Happy Holidays?

For many, including the emergency services, bank holidays mean more work not less but I hope that everyone who could enjoyed the break.

When England’s economy was based on the land, holidays were generally local saints days.  Agricultural “downtime”  – was marked with long festivities – for all twelve days of Christmas no work was done other than the care of animals. 

This local pattern of holidays changed with the industrial revolution.  Parliament was concerned that with machines capable of constant production staff were being mistreated.  Christmas Day had always been a “common law” holiday (even if no one told Scrooge!) but Parliament enacted that there should be additional paid “bank holidays”.  The “Wakes Weeks” when entire towns would close down and head to the  same seaside resort were born. 

There is now a suggestion that we should create an extra four bank holidays, matching the Saints days of the U.K:  1st March (David), 17th March (Patrick), 23rd April (George) and 30th November (Andrew). Aside from whether anyone really wants three days all so close together and right next to Easter (most businesses certainly wouldn’t) this sounds incredibly old fashioned.  The last “new” permanent bank holiday created was “May Day” in 1978 at a time when the U.K. was on its knees economically:  it was also the last decade of mass employment in heavy industry.  Four extra days in which (in theory) the country shuts up shop hardly sends a message that Britain is “open for business”.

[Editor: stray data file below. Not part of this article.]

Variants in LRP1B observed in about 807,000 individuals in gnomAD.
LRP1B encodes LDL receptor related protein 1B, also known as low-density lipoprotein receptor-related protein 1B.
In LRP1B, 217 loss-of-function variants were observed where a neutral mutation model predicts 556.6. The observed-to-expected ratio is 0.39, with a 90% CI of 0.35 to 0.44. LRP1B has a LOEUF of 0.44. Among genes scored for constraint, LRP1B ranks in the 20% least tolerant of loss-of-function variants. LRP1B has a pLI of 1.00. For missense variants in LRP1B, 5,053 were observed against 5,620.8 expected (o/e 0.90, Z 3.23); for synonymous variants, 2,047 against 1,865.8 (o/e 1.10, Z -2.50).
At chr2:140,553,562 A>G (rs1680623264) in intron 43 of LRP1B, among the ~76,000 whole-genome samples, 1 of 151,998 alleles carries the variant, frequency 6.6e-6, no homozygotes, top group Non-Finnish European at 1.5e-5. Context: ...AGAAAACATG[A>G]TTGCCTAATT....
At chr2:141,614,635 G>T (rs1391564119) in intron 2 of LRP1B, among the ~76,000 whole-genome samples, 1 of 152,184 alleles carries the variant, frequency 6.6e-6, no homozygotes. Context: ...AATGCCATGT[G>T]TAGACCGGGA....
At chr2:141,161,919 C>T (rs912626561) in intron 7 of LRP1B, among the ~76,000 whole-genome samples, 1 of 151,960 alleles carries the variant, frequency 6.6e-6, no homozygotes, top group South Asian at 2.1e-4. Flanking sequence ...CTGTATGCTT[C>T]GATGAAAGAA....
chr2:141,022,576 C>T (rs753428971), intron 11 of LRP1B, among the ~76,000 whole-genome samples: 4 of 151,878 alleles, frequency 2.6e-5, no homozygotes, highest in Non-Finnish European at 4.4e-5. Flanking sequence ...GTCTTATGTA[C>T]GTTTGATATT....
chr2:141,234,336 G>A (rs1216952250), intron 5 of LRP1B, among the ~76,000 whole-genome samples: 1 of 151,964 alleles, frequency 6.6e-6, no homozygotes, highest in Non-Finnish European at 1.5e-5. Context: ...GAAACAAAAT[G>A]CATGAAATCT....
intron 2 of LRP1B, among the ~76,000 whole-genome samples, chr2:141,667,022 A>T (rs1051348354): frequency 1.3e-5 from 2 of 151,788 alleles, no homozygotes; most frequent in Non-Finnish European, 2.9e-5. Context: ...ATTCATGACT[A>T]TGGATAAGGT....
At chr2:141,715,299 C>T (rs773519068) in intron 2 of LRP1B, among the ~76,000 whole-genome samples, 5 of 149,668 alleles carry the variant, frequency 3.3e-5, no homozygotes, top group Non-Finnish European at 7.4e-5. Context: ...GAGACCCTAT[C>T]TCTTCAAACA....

We do have fewer public bank holidays in the U.K. than elsewhere but on average more days holiday.

Extra compulsory days leave would be reflected in fewer days when employees can choose themselves when to take holiday.  I suspect on that basis there would be little demand for extra bank holidays (especially for commuters if that means more days in which the trains always seem to be “in the wrong place” come the return to work…)

If there is scope to do more for legislation on holidays my priority would be those on contracts with no guaranteed holiday.  There is a role for flexible arrangements between individuals and employers but it’s important that these relationships are not abused. I suspect this is a better target for our attention.


Photo caption: A question and answer session at the “News Club” in Arunside School which has recently had a very positive “Good” Ofsted inspection.